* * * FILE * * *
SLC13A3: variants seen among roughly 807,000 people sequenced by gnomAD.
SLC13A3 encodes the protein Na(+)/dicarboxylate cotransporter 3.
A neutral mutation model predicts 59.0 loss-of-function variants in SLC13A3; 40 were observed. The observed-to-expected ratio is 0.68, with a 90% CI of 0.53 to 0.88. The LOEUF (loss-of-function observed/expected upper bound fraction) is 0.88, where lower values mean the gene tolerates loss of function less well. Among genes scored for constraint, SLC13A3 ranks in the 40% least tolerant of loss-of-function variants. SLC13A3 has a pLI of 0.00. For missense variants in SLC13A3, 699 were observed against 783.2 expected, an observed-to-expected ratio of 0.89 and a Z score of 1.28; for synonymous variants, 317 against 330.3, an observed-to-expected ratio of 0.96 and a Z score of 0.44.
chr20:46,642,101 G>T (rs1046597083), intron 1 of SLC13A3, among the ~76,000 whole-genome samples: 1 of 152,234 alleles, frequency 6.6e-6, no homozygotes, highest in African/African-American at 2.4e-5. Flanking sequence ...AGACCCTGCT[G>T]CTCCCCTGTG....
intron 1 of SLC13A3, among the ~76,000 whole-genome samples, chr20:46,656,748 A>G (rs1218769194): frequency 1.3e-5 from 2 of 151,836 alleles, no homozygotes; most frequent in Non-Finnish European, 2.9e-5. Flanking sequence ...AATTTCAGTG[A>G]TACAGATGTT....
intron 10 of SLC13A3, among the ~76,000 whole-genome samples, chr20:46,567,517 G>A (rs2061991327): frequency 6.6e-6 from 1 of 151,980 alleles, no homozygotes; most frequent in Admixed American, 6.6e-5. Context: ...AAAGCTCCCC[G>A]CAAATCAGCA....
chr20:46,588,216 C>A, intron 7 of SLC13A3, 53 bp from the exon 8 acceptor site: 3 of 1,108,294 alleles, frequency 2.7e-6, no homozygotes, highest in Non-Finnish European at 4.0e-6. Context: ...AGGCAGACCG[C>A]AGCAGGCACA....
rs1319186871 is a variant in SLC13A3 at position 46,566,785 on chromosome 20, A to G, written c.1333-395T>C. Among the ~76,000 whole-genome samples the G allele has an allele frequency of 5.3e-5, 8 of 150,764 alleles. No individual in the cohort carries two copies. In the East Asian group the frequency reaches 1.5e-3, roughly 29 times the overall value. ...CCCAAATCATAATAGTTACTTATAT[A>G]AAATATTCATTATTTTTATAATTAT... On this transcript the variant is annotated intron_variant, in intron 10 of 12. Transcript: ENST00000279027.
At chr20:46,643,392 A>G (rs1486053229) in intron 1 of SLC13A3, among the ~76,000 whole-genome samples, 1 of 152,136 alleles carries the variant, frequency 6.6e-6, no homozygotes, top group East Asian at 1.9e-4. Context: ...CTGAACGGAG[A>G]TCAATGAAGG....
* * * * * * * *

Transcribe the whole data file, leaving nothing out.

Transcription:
SLC13A3: variants seen among roughly 807,000 people sequenced by gnomAD.
SLC13A3 encodes the protein Na(+)/dicarboxylate cotransporter 3.
A neutral mutation model predicts 59.0 loss-of-function variants in SLC13A3; 40 were observed. The observed-to-expected ratio is 0.68, with a 90% CI of 0.53 to 0.88. The LOEUF (loss-of-function observed/expected upper bound fraction) is 0.88, where lower values mean the gene tolerates loss of function less well. Among genes scored for constraint, SLC13A3 ranks in the 40% least tolerant of loss-of-function variants. SLC13A3 has a pLI of 0.00. For missense variants in SLC13A3, 699 were observed against 783.2 expected, an observed-to-expected ratio of 0.89 and a Z score of 1.28; for synonymous variants, 317 against 330.3, an observed-to-expected ratio of 0.96 and a Z score of 0.44.
chr20:46,642,101 G>T (rs1046597083), intron 1 of SLC13A3, among the ~76,000 whole-genome samples: 1 of 152,234 alleles, frequency 6.6e-6, no homozygotes, highest in African/African-American at 2.4e-5. Flanking sequence ...AGACCCTGCT[G>T]CTCCCCTGTG....
intron 1 of SLC13A3, among the ~76,000 whole-genome samples, chr20:46,656,748 A>G (rs1218769194): frequency 1.3e-5 from 2 of 151,836 alleles, no homozygotes; most frequent in Non-Finnish European, 2.9e-5. Flanking sequence ...AATTTCAGTG[A>G]TACAGATGTT....
intron 10 of SLC13A3, among the ~76,000 whole-genome samples, chr20:46,567,517 G>A (rs2061991327): frequency 6.6e-6 from 1 of 151,980 alleles, no homozygotes; most frequent in Admixed American, 6.6e-5. Context: ...AAAGCTCCCC[G>A]CAAATCAGCA....
chr20:46,588,216 C>A, intron 7 of SLC13A3, 53 bp from the exon 8 acceptor site: 3 of 1,108,294 alleles, frequency 2.7e-6, no homozygotes, highest in Non-Finnish European at 4.0e-6. Context: ...AGGCAGACCG[C>A]AGCAGGCACA....
rs1319186871 is a variant in SLC13A3 at position 46,566,785 on chromosome 20, A to G, written c.1333-395T>C. Among the ~76,000 whole-genome samples the G allele has an allele frequency of 5.3e-5, 8 of 150,764 alleles. No individual in the cohort carries two copies. In the East Asian group the frequency reaches 1.5e-3, roughly 29 times the overall value. ...CCCAAATCATAATAGTTACTTATAT[A>G]AAATATTCATTATTTTTATAATTAT... On this transcript the variant is annotated intron_variant, in intron 10 of 12. Transcript: ENST00000279027.
At chr20:46,643,392 A>G (rs1486053229) in intron 1 of SLC13A3, among the ~76,000 whole-genome samples, 1 of 152,136 alleles carries the variant, frequency 6.6e-6, no homozygotes, top group East Asian at 1.9e-4. Context: ...CTGAACGGAG[A>G]TCAATGAAGG....